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Portal boosts access to Minneapolis police conduct data

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File photo: Police officers make a traffic stop on North Washington Avenue in Minneapolis on September 20, 2010.
MPR Photo/Nikki Tundel File 2010

A new portal on the city of Minneapolis' website allows anyone to look up public data on police conduct cases.

The city launched the website Tuesday, with the goal of increasing police department transparency, access and accountability.

KSTP-TV reported there are about 850 sworn officers in Minneapolis. The city said it gets many requests for details about complaints that have been filed against officers.

"People want to know how many complaints have been filed against an officer and the outcome of those complaints," said Ryan Patrick, who is with the city of Minneapolis.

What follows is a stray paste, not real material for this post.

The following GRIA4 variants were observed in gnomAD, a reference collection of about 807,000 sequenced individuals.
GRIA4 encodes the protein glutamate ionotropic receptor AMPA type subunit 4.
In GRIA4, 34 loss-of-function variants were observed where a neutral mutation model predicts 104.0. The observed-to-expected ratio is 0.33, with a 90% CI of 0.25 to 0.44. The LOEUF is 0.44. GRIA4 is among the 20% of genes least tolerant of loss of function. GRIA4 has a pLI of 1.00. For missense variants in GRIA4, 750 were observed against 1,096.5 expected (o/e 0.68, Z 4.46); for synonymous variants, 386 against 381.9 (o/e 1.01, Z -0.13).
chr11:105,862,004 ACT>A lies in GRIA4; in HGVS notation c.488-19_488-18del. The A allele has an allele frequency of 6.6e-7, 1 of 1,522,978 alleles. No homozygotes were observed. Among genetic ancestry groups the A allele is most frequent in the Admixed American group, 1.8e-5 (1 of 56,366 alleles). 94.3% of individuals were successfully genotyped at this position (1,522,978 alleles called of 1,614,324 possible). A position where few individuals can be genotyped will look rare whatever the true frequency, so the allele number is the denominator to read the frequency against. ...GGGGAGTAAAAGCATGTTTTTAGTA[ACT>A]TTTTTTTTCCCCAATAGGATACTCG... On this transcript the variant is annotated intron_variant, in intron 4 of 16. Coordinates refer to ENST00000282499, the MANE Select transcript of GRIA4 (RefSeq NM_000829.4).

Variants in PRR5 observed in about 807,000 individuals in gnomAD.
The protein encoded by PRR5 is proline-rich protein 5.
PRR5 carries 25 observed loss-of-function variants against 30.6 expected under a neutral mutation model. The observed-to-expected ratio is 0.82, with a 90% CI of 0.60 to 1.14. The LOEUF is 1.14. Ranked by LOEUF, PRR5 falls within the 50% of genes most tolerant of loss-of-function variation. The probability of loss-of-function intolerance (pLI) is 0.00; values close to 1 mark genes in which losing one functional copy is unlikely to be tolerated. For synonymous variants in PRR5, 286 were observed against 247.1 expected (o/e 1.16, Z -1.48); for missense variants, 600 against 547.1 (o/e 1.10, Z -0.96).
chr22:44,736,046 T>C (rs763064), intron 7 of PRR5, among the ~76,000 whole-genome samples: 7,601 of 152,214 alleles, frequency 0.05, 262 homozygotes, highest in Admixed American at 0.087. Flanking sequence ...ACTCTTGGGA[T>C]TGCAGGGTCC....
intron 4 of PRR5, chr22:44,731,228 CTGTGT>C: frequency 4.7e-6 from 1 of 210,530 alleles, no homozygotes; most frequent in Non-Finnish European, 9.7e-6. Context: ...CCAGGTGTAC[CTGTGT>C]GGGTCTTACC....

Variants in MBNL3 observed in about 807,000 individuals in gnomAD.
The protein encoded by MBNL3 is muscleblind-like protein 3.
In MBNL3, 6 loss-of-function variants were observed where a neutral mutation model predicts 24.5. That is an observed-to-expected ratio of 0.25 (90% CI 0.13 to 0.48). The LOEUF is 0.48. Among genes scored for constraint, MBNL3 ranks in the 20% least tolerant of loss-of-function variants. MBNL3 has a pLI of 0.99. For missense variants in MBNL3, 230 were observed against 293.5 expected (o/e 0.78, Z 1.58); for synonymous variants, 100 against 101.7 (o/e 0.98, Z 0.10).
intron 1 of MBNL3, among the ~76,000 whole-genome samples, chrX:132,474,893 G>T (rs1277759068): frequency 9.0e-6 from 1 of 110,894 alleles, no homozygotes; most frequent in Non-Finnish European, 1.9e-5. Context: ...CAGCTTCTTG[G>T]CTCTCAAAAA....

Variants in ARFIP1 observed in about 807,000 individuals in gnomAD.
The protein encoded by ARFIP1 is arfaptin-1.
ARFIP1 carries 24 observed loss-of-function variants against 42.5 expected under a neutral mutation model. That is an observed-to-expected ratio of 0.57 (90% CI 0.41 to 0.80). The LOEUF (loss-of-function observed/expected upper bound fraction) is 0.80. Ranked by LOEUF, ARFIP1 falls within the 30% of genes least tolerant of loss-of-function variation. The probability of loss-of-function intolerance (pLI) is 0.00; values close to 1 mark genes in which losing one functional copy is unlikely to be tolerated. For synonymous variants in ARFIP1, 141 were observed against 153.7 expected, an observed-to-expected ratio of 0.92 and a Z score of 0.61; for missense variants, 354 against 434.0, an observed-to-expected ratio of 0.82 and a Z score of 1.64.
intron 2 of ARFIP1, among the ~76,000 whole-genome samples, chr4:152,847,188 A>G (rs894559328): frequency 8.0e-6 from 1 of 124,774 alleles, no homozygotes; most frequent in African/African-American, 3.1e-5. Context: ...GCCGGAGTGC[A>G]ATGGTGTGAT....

Searches on the portal can be done by officer name. Imani Jaafar, with the Office of Police Conduct Review, said the searches can also be isolated by a particular allegation, or race, age or gender. The complaints can be broken down further by precinct to see if there's a pattern.

Complaints against officers can be filed anonymously and include allegations of criminal misconduct, discrimination, failure to provide protection, harassment, inappropriate language, retaliation, theft, excessive force or policy violation.

The online records date back three years.

Jaafar says the Office of Police Conduct Review investigates the allegations that come in. The goal is to complete an investigation in 120 days, and information on the website will be updated every two weeks.

But officer privacy is a concern for some.

"If an accusation ended in discipline, it's appropriate to show an officer's name. But if the officer is cleared, it's wrong to put that officer's name out there," said Lt. Bob Kroll, head of the Minneapolis Police Federation.

City leaders said Tuesday that state law limits the information they can publicly release.